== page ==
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DataWriter: flushing a stream requires a then call?

    Question

  • Hello guys. I'm using the following code to create a new text file in a temp subfolder:

    function createFolderAndFile() {
        //create new folder inside temp folder
        var tempFolder =
          Windows.Storage.ApplicationData.current.temporaryFolder;
        tempFolder.createFolderAsync("testFolder",
          Windows.Storage.CreationCollisionOption.openIfExists)
            .then(function (folder) {
                return folder.createFileAsync("testFile.txt")
            })
            .then( function (file) {
                return file.openAsync(
                            Windows.Storage.FileAccessMode.readWrite);
            })
            .then( function (dataStream) {
                var stream = dataStream.getOutputStreamAt(0);
                var writer = new Windows.Storage.Streams.DataWriter(stream);
                writer.writeString("Howdy, there!");
                return writer.storeAsync()
                    .then(function () {
                    stream.flushAsync()
                                .then(function () {},function () {});
                    });
            });
    }

    If I remove the .then(function () {},function () {}); instruction from the code, the contents won't get written to the file. Is this a bug? I was under the impression that .then was only required if I needed to be notified when the flush operation has fnished. Comments?

    thanks.


    Luis Abreu
    Thursday, January 19, 2012 2:53 PM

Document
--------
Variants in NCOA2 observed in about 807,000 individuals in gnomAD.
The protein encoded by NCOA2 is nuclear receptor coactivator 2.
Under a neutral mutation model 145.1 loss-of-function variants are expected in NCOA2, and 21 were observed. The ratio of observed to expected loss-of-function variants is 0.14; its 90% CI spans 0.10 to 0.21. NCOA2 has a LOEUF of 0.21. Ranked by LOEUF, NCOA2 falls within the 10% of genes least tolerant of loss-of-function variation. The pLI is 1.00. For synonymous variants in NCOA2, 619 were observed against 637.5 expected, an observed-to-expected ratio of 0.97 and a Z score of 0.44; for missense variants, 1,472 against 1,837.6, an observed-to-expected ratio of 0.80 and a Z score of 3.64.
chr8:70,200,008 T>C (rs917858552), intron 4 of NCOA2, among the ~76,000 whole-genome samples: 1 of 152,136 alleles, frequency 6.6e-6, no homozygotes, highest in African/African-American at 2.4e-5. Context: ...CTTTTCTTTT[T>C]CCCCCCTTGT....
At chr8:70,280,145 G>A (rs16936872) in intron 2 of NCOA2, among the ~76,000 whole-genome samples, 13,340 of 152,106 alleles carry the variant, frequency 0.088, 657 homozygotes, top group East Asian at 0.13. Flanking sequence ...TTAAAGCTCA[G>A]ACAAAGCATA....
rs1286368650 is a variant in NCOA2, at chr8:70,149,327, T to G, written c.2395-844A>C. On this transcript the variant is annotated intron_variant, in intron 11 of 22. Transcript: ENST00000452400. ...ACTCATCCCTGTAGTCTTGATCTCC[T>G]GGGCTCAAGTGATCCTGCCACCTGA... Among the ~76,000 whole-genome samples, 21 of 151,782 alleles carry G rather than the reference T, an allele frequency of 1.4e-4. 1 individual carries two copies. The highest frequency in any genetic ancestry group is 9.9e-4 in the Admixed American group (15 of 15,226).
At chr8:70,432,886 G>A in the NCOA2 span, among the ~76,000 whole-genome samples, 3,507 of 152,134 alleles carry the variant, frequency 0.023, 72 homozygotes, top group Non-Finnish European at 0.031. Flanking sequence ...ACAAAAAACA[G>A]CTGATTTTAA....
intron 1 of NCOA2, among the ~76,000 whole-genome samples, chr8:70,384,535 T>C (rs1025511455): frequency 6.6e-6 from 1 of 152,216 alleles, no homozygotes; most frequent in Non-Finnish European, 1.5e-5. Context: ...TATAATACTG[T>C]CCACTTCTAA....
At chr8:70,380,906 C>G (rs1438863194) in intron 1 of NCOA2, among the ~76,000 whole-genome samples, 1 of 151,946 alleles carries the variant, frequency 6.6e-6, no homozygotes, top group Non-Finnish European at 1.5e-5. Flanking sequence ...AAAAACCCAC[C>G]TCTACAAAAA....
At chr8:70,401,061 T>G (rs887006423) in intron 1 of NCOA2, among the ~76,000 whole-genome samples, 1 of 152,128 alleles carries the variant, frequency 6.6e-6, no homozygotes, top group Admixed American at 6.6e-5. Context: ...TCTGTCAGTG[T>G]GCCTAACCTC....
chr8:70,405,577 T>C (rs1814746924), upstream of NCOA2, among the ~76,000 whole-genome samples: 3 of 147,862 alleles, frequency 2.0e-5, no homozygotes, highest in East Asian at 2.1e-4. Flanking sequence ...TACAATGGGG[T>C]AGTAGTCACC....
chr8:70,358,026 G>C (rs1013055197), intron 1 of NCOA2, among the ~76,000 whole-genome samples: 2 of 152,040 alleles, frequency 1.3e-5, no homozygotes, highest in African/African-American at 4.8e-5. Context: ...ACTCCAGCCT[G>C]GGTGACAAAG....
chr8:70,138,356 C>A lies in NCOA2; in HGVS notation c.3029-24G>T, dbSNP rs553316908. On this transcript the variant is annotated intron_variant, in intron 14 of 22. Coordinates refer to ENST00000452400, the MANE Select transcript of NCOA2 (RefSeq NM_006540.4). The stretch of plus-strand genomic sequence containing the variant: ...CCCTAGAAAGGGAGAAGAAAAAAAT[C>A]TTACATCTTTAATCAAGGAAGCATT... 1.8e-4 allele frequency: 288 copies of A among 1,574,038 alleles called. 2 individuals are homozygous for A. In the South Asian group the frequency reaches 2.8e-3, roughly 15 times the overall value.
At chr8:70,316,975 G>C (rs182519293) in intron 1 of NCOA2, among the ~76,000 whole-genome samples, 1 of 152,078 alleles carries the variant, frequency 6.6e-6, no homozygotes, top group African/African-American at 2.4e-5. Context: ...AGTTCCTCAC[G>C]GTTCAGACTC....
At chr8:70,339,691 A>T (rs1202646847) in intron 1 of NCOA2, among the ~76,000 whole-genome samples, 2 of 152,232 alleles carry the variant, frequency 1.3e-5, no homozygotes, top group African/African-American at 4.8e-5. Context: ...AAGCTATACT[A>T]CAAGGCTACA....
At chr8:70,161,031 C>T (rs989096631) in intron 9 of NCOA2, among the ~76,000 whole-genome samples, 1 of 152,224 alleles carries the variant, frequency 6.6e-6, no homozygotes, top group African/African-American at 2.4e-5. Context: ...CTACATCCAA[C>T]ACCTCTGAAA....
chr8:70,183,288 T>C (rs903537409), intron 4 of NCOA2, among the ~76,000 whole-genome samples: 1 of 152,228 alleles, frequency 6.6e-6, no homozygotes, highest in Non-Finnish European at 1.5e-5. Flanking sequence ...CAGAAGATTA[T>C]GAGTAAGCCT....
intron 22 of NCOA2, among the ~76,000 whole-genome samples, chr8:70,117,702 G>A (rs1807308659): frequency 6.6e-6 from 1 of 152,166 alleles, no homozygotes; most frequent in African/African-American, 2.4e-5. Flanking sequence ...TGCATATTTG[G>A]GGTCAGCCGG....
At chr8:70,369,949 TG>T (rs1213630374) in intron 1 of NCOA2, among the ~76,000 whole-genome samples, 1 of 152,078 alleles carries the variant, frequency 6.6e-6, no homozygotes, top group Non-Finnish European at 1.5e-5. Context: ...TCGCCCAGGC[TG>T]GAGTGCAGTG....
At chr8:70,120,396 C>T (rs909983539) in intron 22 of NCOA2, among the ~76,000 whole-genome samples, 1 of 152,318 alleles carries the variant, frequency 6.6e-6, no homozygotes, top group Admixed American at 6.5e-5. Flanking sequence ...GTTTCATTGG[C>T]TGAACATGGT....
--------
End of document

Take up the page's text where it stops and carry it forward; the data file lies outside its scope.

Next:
Answers

  • Hi Luis,

     

    The stream is being left open because of the scoping of the stream variable.

    You can solve this by propagating the return of the promise back:

    return stream.flushAsync();

    -Jeff


    Jeff Sanders (MSFT)
    Monday, January 23, 2012 3:55 PM
    Moderator

All replies

  • Are you by chance doing this in a background task?
    Jeff Sanders (MSFT)
    Friday, January 20, 2012 1:23 PM
    Moderator
  • Nop. It's run when the click event of a button is fired:

    WinJS.Utilities.ready(initializeSample, true);
      function initializeSample() {
          document.getElementById("ct").addEventListener("click", createFolderAndFile);
          document.getElementById("ct2").addEventListener("click", readFile);
      }


    Luis Abreu
    Monday, January 23, 2012 11:49 AM
  • Hi Luis,

     

    The stream is being left open because of the scoping of the stream variable.

    You can solve this by propagating the return of the promise back:

    return stream.flushAsync();

    -Jeff


    Jeff Sanders (MSFT)
    Monday, January 23, 2012 3:55 PM
    Moderator